Why Use Plastic for Conveyor Paddles?

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This is the second blog in a three-part series on plastics in conveyors. Click here to read the first article: Why Use Plastics in Conveyors?

Why use plastic paddles in drag conveyors? Manufacturers have produced twin-chain drag conveyors for decades. Originally, these conveyors were little more than a steel connection between two chains and a bolted-on plastic paddle, which dragged on the conveyor floor. When we set out to design a drag conveyor for woody biomass, we saw potential in a twin-chain design but knew it needed improvement.

Step One: Reduce Friction and Wear

The first thing we wanted to do was to get the paddle off the floor due to the wear and friction it produced. We accomplished this by placing the conveyor chains on plastic wear strips, which lifted the paddle assembly. After we did this, our initial thought was to change the paddle material from plastic to steel.

But then we shot videos of drag conveyors moving wood. What we learned led to a series of design changes that brought us back to plastic paddles.

Step Two: Fix Problems with Wedging

While shooting videos, we repeatedly observed that wood would wedge between the paddles and the floor, lifting the paddles and twisting both them and the chains. This increased friction and wear on the floor and chains.

To limit lifting and twisting, we captured the chains between upper and lower wear strips. Capturing the chains limited their movement as well as the movement of the paddles attached to them.

But the limiting movement was only half the problem. We still had to stop material from wedging under the paddles. To stop the wedging, we devised a unique paddle design: a paddle with fingers. The fingers work like a leaf rake, shearing and pushing material as it clumps together. The design worked. Wedging was no longer a problem.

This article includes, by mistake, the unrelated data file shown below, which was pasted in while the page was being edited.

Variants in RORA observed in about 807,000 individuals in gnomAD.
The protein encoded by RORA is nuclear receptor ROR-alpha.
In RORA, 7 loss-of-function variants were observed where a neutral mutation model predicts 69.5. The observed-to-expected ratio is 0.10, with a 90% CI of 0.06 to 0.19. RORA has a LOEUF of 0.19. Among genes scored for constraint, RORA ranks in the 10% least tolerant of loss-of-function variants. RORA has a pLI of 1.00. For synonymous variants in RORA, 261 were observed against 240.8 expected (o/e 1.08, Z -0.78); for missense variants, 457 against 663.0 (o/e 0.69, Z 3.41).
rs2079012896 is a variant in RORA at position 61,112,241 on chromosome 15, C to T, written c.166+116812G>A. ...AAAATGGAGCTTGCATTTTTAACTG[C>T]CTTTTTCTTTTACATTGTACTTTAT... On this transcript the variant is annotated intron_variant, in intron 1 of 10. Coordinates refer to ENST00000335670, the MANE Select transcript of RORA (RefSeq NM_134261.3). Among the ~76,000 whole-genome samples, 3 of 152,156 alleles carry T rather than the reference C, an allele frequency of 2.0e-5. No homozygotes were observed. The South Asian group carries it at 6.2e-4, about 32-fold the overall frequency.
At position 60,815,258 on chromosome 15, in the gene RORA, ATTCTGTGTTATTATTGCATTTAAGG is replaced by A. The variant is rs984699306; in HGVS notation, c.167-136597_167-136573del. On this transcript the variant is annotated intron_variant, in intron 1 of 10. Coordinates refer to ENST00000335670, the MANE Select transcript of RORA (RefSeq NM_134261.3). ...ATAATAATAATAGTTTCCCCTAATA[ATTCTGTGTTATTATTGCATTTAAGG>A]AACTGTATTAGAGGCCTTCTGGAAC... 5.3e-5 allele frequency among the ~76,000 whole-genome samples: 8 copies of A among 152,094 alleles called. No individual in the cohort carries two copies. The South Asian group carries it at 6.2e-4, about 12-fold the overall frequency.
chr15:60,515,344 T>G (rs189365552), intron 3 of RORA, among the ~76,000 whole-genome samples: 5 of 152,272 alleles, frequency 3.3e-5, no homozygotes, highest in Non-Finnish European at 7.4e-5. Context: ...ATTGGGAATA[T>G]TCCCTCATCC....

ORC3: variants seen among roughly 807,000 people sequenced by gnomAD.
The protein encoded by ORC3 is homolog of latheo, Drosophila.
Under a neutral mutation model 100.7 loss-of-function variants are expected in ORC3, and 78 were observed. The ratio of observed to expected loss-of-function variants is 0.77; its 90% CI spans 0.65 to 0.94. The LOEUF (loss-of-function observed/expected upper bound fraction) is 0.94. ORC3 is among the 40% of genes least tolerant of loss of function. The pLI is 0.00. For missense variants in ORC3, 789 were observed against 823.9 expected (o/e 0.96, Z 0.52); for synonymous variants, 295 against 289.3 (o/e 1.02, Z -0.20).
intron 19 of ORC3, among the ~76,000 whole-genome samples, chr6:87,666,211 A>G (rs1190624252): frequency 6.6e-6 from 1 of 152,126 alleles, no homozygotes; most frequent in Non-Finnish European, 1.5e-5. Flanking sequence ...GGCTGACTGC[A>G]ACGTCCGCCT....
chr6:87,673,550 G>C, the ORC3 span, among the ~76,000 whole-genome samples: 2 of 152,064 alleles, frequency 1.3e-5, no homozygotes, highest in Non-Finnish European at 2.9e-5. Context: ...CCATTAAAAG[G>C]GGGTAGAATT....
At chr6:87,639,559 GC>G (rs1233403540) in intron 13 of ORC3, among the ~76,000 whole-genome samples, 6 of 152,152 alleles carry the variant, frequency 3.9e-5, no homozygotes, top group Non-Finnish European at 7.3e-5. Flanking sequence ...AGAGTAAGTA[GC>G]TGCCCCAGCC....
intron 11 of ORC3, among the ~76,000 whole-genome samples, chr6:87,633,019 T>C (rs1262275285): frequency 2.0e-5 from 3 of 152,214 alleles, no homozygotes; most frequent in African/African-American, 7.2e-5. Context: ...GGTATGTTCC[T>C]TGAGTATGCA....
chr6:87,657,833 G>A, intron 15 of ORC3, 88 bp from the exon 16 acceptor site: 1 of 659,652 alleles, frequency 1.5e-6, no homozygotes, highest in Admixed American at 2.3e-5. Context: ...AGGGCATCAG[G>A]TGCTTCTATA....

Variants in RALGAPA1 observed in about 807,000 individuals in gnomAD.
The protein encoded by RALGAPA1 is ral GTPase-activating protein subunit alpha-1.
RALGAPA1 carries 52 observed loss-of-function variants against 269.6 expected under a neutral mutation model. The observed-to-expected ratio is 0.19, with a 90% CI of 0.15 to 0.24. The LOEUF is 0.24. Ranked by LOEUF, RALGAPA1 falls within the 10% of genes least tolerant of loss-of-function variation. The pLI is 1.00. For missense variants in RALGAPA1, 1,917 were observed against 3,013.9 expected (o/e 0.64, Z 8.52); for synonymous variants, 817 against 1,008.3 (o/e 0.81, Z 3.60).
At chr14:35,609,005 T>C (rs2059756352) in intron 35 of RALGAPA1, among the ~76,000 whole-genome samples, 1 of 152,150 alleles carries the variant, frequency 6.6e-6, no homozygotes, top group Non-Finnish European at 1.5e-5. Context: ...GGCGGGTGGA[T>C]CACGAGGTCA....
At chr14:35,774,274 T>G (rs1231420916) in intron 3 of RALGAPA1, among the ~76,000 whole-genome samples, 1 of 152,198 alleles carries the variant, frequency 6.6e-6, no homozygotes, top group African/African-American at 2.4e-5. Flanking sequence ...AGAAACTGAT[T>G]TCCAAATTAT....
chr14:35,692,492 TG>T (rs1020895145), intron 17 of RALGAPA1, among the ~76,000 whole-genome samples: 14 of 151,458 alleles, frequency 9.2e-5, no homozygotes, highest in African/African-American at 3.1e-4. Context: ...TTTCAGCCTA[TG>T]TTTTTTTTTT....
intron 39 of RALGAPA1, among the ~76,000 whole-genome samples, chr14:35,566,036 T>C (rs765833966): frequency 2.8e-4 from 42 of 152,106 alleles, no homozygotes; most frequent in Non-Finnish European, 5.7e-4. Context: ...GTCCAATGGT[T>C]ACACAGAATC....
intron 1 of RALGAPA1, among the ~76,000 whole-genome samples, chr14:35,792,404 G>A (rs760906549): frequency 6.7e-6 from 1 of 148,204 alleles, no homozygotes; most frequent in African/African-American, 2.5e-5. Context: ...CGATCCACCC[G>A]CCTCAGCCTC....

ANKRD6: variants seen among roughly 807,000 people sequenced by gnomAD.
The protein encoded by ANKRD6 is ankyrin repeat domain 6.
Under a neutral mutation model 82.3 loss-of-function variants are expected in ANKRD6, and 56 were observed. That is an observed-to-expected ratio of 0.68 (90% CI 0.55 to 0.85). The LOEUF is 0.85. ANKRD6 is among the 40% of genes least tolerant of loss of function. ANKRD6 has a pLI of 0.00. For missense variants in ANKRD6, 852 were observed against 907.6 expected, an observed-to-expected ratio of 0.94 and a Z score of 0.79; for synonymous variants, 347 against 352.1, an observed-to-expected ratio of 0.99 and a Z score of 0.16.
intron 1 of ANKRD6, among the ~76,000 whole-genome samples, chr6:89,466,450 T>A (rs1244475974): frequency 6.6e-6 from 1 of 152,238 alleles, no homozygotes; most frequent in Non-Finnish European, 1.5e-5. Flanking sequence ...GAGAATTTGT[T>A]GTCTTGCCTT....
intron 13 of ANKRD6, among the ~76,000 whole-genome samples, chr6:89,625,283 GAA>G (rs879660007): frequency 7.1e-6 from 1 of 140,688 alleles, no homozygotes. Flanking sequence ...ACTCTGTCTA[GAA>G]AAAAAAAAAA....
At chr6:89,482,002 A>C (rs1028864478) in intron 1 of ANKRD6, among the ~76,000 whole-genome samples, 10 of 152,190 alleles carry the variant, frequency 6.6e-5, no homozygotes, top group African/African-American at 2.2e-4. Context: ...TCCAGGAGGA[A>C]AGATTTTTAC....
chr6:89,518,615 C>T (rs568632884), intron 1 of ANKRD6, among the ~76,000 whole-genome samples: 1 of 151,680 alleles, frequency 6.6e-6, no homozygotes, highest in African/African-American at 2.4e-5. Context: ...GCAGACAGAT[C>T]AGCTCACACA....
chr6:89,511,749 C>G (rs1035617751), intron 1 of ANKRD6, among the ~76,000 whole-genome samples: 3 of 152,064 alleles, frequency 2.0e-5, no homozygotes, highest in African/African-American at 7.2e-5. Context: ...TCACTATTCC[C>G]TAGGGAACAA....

Customers often ask us how much product goes through the fingers. They’re concerned the design isn’t efficient. Their concerns are unwarranted, however. Virtually nothing gets through the fingers. We size the fingers to match the product being conveyed so that the product packs in front of them. Depending on the material, the fingers range from fine-toothed to flat to shark-like.

Step Three: Make the Paddles Better

We were still working with steel paddles up to this point. Once we came up with the finger design, however, we thought, “Wouldn’t it be nice if the fingers had some elasticity so they could flex?” Flex would help prevent the paddles from breaking if they encounter an obstruction. Plastic in the solution, then.

Plastic weighs less than steel, so that means we can carry more material with less power.


Finally, if for some reason a piece of paddle breaks off, it will not damage downstream processing equipment like hogs or jamb in boiler grates or ash systems.


There are a lot of twin-chain drag conveyors out there still designed like they were decades ago: a steel connection with a solid plastic paddle dragging on the floor. But a better design is available. So why, when you’re working to improve efficiencies and be smart with your money, would you purchase something you know is less efficient and is costlier in the long run? Save yourself the trouble that comes with conventional drag conveyor designs and reap the benefits of a SMART Conveyor™ from BE&E.

Stay tuned for the final edition of this series: Plastic Components—What, Where, and Why?

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